How big is your menu?

I have 20 different empanadas, but sandwich-wise, I have about eight different sandwiches, from tri-tip to posada and the chori pond. Then, we have the three dishes: a beef stroganoff, a chili verde, and a chicken pesto pasta. We also have a chef who does all my desserts for me in-house. We have flan, bread pudding, and cheesecake, but there isn’t a full dinner. 

People can come in and dine there, but really, all the sales are grab-and-go orders like huge platters of empanadas, or they do the sandwiches to go. 

When I first created the concept, there was going to be no dining. It was just going to be order, pick up and then be on your way.

But I had a few tables, so on the weekends, it just gets packed. So it was a good move, but it swayed just a little bit from the original concept, which was just grab-and-go, pandemic-proof. 


What is empanada in Argentina? Is it a meal? How is it looked at?

People eat it as a meal or a little late-night snack. There’s a huge division between fried and baked foods. We fry our empanadas and a lot of these other empanadas shops around town, or you go to Burbank or El Monte, they bake theirs, and then when you bake, it puffs up a little bit so it looks larger than what it really is, but it’s just poofing up the dough which they fill it. So we fry ours, but it’s fully packed with meat. Two is a solid meal, especially with a little side salad. 


What are Lord Empanadas Hours?

We open at 9:00 a.m. and close at 7:30 p.m. Everything is handmade. We fold all our empanadas. They’re cooked to order, not just sitting under a heat lamp.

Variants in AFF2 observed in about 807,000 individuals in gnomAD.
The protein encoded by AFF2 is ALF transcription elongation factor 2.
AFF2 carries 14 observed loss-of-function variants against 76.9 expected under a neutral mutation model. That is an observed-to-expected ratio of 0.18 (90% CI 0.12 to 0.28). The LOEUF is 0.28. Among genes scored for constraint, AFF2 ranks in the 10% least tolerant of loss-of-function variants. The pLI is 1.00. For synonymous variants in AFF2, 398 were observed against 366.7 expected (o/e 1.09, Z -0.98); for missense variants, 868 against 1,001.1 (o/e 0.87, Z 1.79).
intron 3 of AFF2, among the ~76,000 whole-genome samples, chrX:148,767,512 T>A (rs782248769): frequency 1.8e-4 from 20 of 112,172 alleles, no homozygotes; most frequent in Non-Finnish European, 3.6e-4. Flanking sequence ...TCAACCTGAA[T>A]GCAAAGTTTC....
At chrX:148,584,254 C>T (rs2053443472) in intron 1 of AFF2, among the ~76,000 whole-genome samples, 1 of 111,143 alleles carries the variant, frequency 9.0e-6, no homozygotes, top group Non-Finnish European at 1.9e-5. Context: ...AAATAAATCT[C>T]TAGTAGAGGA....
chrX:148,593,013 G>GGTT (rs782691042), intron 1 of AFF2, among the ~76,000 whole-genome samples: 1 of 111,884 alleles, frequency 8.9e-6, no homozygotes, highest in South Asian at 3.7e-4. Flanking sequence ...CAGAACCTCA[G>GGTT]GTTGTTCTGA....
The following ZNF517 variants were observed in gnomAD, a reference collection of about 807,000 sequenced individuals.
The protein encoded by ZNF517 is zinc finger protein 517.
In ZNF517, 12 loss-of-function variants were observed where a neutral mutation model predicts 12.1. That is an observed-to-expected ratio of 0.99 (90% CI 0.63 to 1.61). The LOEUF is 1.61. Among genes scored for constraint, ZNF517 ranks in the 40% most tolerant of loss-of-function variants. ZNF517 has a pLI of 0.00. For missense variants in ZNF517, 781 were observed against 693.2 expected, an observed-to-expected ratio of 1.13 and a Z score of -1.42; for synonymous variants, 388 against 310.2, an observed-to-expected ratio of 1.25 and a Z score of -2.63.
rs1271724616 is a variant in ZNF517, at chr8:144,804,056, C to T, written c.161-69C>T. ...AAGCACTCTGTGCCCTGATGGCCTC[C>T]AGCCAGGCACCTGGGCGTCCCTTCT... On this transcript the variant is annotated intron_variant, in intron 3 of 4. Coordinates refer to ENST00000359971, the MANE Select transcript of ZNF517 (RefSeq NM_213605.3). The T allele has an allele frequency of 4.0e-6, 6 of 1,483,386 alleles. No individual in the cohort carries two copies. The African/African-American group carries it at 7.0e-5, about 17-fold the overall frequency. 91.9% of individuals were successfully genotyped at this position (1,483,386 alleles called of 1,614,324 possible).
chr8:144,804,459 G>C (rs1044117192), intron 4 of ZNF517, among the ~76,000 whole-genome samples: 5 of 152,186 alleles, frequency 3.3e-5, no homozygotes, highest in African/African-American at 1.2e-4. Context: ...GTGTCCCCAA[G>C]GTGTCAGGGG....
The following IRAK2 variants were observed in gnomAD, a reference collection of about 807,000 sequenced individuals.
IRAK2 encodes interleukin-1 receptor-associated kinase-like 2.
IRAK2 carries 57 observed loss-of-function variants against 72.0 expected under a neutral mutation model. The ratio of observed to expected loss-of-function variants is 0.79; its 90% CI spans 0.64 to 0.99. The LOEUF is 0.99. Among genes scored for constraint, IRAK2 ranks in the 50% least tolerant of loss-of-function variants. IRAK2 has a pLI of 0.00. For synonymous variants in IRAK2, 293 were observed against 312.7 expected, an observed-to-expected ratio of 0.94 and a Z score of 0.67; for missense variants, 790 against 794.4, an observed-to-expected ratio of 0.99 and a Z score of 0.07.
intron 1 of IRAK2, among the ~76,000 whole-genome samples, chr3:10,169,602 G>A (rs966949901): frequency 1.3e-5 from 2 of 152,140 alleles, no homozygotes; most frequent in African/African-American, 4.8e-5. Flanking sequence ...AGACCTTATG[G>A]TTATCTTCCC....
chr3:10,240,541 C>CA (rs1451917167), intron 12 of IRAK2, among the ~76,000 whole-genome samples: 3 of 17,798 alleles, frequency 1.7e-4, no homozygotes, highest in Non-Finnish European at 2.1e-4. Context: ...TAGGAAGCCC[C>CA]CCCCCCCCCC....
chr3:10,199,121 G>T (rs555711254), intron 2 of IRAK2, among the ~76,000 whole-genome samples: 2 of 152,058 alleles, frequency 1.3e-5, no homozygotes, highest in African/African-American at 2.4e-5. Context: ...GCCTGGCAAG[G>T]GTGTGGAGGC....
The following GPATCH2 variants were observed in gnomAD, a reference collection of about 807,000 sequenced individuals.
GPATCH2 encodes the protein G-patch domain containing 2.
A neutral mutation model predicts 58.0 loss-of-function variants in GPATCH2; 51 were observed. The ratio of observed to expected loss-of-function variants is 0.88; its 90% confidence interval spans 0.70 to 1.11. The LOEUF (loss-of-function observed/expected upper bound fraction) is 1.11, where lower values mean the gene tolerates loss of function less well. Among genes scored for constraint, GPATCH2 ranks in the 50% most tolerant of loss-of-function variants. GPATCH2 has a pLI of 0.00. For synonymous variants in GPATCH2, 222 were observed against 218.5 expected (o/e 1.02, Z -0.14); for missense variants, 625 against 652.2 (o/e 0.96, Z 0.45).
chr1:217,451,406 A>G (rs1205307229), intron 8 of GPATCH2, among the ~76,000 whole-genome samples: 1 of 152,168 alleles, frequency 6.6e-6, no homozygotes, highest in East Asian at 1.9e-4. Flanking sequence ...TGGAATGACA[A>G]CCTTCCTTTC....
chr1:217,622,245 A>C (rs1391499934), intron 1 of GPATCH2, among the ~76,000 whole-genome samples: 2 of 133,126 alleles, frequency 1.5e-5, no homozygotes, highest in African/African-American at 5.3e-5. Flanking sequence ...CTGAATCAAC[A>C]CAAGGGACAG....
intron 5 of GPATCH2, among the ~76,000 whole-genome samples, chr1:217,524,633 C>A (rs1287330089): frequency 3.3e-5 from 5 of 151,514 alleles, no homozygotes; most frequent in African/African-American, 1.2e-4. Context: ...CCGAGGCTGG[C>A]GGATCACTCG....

When it does get busy, there is a long wait, and a lot of people order ahead of time to avoid that. They can just run and pay and get us, and then we’ll have it ready for them.


Where is Lord Empanadas located?

We’re located in Monrovia, just off of Myrtle. If you get off Myrtle on the freeway, we’re next to a shop called the Wizard of Bras. People recognize the Wizard of Bras.


You said that it’s not a full service restaurant

No. That’s exactly what I tried to create. You’ll see now that many of these up-and-coming places, either trending or new concepts, are avoiding the full-service concept because it’s too costly to have that much labor or people. 

Now, you can’t rely on everybody to come in and care as much as you do about your product or service. And good service, great service is tough to come by now. 

So you’re eliminating that middleman of giving your great product and having the limited great service interaction that you have with the cashier. But also, as the owner, I’m constantly present and there, making sure I’m interacting with the guests. 

Doing a full-service restaurant is significantly harder than the quick-service concept we’re doing. When you add the full-service, you’re relying a lot on your servers and a team versus having a small team, a reliable product, and your branding.


How did this concept start?

The Pandemic. It’s kind of always been there, but when the pandemic happened, you saw all these ghost kitchens popping up. You saw people experimenting with fried chicken pop-ups or smash burgers. So you see a lot of these same food items with different branding, trying to do what everyone’s trying to get recognition on Instagram. 

These Instagram foodie influencers now heavily move and sway the food population to these locations where it can change them overnight.

When LA Try Guy interviewed us on his TikTok and Instagram, we exploded overnight in January, especially after we were recognized by Yelp as one of the top 61 places to eat in the country.

I didn’t even know about it until the day the article launched. That happened this year at the end of January. My dad came in and showed me this article. Do you know you’re in this? I thought it was something that we won a while ago because he normally finds out things way later. 

So he showed it to me, and I had no idea what it was. And then, about ten minutes later, FedEx arrived with this huge congratulatory package from Yelp, saying that we were number 61 on their top 100 places to eat in 2023.

Literally, the next day, there was a line out the door, nonstop calling on the phone. We had to shut down two or three times a day because we could not keep up with demand.